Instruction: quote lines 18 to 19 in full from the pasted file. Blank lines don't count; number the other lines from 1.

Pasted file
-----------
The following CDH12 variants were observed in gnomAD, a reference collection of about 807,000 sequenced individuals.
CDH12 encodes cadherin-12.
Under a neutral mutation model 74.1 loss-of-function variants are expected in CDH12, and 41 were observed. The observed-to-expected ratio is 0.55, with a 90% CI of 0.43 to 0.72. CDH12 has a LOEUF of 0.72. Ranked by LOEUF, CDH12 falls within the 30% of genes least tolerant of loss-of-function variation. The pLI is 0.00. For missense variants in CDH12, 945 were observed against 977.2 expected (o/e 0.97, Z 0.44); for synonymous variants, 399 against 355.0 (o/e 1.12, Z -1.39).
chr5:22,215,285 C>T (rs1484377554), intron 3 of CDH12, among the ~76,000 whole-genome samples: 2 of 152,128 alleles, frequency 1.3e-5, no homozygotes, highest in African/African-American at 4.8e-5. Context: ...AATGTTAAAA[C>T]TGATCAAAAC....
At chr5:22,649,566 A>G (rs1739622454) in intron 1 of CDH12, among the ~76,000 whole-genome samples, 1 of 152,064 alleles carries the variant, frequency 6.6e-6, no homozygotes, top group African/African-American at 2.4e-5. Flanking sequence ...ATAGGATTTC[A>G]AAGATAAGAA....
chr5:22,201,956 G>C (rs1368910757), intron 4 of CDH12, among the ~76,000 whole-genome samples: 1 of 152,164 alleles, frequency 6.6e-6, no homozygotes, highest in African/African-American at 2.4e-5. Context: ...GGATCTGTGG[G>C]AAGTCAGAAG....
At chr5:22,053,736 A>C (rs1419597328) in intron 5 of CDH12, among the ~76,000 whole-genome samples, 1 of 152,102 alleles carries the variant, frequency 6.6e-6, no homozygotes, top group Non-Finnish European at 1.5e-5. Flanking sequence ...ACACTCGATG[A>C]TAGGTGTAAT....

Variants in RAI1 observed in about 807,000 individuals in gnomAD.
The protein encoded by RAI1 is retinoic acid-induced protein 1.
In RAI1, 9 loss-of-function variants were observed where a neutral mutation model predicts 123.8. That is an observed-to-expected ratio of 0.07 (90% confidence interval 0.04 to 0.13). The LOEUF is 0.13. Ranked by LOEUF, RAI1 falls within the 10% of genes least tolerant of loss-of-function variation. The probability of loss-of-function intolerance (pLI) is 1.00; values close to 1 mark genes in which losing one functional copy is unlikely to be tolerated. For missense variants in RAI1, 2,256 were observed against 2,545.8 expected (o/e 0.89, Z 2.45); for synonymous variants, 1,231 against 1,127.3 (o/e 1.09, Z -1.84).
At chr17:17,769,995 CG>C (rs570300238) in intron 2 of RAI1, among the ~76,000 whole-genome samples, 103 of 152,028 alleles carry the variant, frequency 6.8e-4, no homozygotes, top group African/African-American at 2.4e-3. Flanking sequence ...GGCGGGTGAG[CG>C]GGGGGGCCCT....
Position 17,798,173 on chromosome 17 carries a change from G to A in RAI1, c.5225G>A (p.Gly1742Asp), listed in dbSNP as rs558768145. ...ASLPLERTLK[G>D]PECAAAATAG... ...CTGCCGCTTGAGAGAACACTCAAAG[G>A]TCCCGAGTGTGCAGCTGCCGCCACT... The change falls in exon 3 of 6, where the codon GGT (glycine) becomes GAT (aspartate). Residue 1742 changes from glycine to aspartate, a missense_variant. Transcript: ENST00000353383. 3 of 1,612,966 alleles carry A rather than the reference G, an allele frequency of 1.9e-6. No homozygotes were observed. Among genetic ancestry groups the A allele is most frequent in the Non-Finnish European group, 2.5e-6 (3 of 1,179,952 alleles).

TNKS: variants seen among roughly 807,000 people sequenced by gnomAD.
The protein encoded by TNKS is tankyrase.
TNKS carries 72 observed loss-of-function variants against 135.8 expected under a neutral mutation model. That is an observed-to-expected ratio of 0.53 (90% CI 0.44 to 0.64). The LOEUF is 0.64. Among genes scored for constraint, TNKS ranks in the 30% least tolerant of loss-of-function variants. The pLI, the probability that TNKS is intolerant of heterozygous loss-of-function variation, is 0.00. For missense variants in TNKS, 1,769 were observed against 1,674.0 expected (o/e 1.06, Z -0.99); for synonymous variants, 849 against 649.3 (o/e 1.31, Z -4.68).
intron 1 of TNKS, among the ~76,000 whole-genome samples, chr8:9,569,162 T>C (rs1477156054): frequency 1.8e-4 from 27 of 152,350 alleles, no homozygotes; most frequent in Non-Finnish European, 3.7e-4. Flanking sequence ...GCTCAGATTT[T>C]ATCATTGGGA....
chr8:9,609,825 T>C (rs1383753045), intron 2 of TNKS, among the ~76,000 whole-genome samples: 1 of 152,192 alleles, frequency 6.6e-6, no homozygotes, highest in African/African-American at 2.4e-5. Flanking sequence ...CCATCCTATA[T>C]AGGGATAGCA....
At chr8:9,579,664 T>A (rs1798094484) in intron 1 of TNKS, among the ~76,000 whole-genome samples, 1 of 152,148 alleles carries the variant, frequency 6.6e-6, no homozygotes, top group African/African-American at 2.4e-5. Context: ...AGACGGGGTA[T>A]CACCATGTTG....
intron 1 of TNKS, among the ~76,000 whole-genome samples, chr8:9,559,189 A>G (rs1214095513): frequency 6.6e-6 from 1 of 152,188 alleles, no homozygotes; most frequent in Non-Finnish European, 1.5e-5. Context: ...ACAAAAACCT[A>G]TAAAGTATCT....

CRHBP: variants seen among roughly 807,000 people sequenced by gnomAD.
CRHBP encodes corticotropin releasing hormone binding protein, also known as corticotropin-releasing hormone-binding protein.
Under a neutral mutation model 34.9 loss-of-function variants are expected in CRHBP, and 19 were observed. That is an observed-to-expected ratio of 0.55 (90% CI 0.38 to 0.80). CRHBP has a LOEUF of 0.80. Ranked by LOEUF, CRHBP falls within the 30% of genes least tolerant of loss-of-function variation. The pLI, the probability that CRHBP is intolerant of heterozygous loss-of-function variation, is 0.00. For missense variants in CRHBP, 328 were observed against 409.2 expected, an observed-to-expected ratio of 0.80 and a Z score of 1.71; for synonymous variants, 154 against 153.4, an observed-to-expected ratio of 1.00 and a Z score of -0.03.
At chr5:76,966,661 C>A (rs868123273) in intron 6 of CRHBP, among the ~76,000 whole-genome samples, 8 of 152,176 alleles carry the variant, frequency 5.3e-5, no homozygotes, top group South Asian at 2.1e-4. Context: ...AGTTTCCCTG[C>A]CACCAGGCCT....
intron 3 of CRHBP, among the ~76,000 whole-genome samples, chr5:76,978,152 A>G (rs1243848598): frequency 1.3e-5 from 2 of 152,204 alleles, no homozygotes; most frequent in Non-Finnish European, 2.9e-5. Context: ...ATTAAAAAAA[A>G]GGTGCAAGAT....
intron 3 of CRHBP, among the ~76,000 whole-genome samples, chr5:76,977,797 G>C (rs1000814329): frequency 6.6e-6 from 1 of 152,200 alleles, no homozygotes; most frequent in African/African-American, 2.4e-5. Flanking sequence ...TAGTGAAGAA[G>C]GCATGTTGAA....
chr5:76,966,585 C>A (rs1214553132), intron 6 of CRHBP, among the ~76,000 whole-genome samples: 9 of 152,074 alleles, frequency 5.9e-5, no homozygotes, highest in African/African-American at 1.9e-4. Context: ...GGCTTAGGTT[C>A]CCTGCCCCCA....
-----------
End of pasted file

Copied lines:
At chr8:9,579,664 T>A (rs1798094484) in intron 1 of TNKS, among the ~76,000 whole-genome samples, 1 of 152,148 alleles carries the variant, frequency 6.6e-6, no homozygotes, top group African/African-American at 2.4e-5. Context: ...AGACGGGGTA[T>A]CACCATGTTG....
intron 1 of TNKS, among the ~76,000 whole-genome samples, chr8:9,559,189 A>G (rs1214095513): frequency 6.6e-6 from 1 of 152,188 alleles, no homozygotes; most frequent in Non-Finnish European, 1.5e-5. Context: ...ACAAAAACCT[A>G]TAAAGTATCT....